2. Server IP – 192.168.0.200

Step 1: Setup Thin Pool and Volumes

Let’s do it practically how to setup the thin pool and thin volumes. First we need a large size of Volume group. Here I’m creating Volume group with 15GB for demonstration purpose. Now, list the volume group using the below command.

# vgcreate -s 32M vg_thin /dev/sdb1
Listing Volume Group

Listing Volume Group

Next, check for the size of Logical volume availability, before creating the thin pool and volumes.

# vgs
# lvs
Check Logical Volume

Check Logical Volume

We can see there is only default logical volumes for file-system and swap is present in the above lvs output.

Creating a Thin Pool

To create a Thin pool for 15GB in volume group (vg_thin) use the following command.

# lvcreate -L 15G --thinpool tp_tecmint_pool vg_thin
  1. -L – Size of volume group
  2. –thinpool – To o create a thinpool
  3. tp_tecmint_pool– Thin pool name
  4. vg_thin – Volume group name were we need to create the pool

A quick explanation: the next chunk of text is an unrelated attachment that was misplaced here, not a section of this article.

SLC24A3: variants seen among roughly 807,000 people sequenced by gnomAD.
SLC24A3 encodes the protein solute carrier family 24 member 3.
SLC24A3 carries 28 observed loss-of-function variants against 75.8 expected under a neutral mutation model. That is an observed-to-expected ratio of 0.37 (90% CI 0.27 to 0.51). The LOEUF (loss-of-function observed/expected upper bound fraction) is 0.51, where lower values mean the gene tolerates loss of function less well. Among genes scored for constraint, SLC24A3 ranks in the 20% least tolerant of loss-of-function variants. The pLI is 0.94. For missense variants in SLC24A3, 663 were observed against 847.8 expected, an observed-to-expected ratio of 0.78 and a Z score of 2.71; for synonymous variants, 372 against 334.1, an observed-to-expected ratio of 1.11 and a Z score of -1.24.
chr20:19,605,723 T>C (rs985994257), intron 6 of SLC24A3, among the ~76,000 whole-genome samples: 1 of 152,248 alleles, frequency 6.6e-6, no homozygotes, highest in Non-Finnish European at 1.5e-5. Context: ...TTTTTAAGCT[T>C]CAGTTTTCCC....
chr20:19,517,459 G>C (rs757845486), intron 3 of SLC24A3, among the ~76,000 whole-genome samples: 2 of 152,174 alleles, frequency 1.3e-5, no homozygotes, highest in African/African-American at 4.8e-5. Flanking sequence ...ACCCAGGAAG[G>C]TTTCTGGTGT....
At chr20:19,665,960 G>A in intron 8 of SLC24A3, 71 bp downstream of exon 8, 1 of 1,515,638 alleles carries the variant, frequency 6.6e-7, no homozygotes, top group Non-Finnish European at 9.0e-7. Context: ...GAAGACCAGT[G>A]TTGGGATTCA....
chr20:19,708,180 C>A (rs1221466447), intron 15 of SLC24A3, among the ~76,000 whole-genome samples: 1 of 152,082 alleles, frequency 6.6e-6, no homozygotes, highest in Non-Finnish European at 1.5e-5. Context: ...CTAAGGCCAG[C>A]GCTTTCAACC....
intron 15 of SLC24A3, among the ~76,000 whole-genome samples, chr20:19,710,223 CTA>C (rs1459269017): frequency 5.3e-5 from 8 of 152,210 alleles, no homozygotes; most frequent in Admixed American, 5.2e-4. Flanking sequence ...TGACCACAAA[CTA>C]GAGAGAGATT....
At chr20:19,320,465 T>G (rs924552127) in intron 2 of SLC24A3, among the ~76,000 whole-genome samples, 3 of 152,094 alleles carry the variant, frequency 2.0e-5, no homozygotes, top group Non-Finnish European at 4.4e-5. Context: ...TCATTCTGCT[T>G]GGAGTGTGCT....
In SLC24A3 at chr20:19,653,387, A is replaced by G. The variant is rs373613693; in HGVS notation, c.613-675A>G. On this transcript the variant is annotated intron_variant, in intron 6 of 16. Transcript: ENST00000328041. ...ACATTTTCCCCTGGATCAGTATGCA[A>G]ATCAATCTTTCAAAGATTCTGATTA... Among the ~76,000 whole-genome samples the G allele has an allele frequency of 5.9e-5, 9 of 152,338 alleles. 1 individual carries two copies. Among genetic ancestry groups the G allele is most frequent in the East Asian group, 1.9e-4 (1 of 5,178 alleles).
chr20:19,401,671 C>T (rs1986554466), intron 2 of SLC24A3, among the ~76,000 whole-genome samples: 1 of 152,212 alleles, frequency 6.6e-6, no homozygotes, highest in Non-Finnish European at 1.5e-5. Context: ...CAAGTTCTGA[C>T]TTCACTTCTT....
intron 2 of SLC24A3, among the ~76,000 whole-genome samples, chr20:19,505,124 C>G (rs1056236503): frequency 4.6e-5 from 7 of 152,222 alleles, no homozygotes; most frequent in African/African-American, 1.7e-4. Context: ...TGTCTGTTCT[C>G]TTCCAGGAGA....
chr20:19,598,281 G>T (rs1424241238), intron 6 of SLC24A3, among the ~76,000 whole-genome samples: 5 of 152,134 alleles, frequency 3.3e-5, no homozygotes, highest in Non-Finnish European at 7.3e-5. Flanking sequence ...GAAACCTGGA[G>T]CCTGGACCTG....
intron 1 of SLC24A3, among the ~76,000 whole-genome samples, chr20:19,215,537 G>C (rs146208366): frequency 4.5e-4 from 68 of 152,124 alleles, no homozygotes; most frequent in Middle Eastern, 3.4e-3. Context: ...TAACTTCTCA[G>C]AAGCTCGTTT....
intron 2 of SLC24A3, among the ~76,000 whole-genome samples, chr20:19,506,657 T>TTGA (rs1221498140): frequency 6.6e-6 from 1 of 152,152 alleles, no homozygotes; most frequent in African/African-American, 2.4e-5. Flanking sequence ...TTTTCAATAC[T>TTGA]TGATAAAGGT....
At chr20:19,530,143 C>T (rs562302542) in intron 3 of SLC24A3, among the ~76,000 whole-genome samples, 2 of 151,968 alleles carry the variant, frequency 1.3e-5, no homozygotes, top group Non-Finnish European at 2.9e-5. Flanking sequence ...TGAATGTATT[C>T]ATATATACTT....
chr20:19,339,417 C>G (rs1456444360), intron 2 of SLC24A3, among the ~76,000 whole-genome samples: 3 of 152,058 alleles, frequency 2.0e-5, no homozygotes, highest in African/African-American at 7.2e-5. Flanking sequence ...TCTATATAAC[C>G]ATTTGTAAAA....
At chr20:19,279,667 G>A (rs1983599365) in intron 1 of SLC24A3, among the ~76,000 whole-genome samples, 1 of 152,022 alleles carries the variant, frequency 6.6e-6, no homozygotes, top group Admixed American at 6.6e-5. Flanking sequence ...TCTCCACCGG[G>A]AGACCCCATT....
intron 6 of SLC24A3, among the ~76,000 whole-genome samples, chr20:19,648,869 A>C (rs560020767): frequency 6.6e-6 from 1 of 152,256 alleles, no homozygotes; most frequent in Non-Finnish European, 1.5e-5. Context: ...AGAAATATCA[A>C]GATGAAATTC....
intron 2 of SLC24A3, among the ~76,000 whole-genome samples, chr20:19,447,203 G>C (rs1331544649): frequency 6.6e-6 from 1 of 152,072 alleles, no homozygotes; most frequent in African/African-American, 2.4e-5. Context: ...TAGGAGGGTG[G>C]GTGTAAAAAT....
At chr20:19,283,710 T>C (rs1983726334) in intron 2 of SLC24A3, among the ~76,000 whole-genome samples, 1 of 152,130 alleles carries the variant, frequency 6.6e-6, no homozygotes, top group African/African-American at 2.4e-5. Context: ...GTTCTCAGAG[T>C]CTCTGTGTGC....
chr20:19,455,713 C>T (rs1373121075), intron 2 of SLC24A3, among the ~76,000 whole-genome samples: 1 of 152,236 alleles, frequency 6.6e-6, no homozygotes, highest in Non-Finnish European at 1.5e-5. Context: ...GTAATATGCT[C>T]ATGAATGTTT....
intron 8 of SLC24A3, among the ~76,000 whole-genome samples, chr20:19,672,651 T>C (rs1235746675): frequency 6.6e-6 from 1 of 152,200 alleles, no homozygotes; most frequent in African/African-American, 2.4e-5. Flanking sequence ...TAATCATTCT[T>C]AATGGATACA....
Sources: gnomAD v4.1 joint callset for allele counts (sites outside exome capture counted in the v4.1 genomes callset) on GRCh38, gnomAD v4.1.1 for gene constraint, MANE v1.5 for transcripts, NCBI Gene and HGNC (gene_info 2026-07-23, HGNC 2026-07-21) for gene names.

Create Thin Pool

Create Thin Pool

To get more detail we can use the command ‘lvdisplay’.

# lvdisplay vg_thin/tp_tecmint_pool
Logical Volume Information

Logical Volume Information

Here we haven’t created Virtual thin volumes in this thin-pool. In the image we can see Allocated pool data showing 0.00%.

Creating Thin Volumes

Now we can define thin volumes inside the thin pool with the help of ‘lvcreate’ command with option -V (Virtual).

# lvcreate -V 5G --thin -n thin_vol_client1 vg_thin/tp_tecmint_pool

I have created a Thin virtual volume with the name of thin_vol_client1 inside the tp_tecmint_pool in my vg_thin volume group. Now, list the logical volumes using below command.

# lvs 
List Logical Volumes

List Logical Volumes

Just now, we have created the thin volume above, that’s why there is no data showing i.e. 0.00%M.

Fine, let me create 2 more Thin volumes for other 2 clients. Here you can see now there are 3 thin volumes created under the pool (tp_tecmint_pool). So, from this point, we came to know that I have used all 15GB pool.

Create Thin Volumes

Create Thin Volumes

Creating File System

Now, create mount points and mount these three thin volumes and copy some files in it using below commands.

# mkdir -p /mnt/client1 /mnt/client2 /mnt/client3

List the created directories.

# ls -l /mnt/
Creating Mount Points

Creating Mount Points

Create the file system for these created thin volumes using ‘mkfs’ command.

# mkfs.ext4 /dev/vg_thin/thin_vol_client1 && mkfs.ext4 /dev/vg_thin/thin_vol_client2 && mkfs.ext4 /dev/vg_thin/thin_vol_client3
Create File System

Create File System

Mount all three client volumes to the created mount point using ‘mount’ command.